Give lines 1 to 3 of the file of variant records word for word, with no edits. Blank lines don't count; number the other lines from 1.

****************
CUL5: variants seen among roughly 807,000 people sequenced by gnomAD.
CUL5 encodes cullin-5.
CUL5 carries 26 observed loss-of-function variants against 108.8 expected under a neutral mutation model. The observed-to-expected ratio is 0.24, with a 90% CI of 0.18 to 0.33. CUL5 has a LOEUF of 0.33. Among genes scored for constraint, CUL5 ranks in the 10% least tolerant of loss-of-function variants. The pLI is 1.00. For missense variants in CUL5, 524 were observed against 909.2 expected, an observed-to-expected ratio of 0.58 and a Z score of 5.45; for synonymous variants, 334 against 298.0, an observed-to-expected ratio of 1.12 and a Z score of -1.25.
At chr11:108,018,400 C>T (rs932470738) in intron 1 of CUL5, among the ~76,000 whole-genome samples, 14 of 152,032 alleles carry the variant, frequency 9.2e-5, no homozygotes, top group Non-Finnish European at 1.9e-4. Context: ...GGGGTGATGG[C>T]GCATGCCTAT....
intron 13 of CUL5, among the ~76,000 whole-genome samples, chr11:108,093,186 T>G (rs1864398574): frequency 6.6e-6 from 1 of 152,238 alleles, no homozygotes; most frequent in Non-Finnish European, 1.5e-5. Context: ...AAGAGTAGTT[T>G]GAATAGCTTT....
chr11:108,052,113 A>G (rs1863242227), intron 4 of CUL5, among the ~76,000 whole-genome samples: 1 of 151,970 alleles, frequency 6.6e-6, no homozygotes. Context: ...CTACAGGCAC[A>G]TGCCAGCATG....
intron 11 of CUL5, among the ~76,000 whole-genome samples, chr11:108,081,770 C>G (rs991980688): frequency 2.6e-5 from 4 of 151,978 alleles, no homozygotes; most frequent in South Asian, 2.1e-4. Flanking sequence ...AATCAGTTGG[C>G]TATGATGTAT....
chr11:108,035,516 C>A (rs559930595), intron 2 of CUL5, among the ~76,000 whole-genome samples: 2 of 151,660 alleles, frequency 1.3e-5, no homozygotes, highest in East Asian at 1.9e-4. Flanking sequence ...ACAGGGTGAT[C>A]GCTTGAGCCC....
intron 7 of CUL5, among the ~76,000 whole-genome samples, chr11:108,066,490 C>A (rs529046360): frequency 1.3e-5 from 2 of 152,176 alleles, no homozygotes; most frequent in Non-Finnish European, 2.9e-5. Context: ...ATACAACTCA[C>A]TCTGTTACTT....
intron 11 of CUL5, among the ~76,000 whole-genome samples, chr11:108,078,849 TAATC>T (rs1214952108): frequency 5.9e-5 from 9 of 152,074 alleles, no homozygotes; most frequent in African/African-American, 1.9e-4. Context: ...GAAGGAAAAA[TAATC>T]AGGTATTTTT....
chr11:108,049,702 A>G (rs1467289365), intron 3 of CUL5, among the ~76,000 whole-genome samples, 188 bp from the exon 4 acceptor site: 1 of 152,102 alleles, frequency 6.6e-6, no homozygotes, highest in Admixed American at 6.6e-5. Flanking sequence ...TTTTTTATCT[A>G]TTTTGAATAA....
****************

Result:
CUL5: variants seen among roughly 807,000 people sequenced by gnomAD.
CUL5 encodes cullin-5.
CUL5 carries 26 observed loss-of-function variants against 108.8 expected under a neutral mutation model. The observed-to-expected ratio is 0.24, with a 90% CI of 0.18 to 0.33. CUL5 has a LOEUF of 0.33. Among genes scored for constraint, CUL5 ranks in the 10% least tolerant of loss-of-function variants. The pLI is 1.00. For missense variants in CUL5, 524 were observed against 909.2 expected, an observed-to-expected ratio of 0.58 and a Z score of 5.45; for synonymous variants, 334 against 298.0, an observed-to-expected ratio of 1.12 and a Z score of -1.25.